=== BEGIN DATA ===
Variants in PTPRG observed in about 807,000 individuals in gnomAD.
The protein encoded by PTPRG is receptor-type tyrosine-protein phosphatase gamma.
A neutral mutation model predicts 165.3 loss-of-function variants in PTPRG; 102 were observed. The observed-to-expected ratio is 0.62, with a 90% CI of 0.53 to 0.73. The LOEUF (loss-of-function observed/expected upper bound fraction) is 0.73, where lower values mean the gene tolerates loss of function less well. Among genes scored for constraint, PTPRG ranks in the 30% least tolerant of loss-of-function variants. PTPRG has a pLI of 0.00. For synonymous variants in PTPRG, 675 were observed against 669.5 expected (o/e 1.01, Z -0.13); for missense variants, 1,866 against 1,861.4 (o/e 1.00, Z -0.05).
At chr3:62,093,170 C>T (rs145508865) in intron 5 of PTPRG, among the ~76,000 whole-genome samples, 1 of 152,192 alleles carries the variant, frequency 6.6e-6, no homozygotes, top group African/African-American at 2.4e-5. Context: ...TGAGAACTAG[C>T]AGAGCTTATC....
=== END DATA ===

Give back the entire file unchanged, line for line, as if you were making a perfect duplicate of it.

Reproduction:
Variants in PTPRG observed in about 807,000 individuals in gnomAD.
The protein encoded by PTPRG is receptor-type tyrosine-protein phosphatase gamma.
A neutral mutation model predicts 165.3 loss-of-function variants in PTPRG; 102 were observed. The observed-to-expected ratio is 0.62, with a 90% CI of 0.53 to 0.73. The LOEUF (loss-of-function observed/expected upper bound fraction) is 0.73, where lower values mean the gene tolerates loss of function less well. Among genes scored for constraint, PTPRG ranks in the 30% least tolerant of loss-of-function variants. PTPRG has a pLI of 0.00. For synonymous variants in PTPRG, 675 were observed against 669.5 expected (o/e 1.01, Z -0.13); for missense variants, 1,866 against 1,861.4 (o/e 1.00, Z -0.05).
At chr3:62,093,170 C>T (rs145508865) in intron 5 of PTPRG, among the ~76,000 whole-genome samples, 1 of 152,192 alleles carries the variant, frequency 6.6e-6, no homozygotes, top group African/African-American at 2.4e-5. Context: ...TGAGAACTAG[C>T]AGAGCTTATC....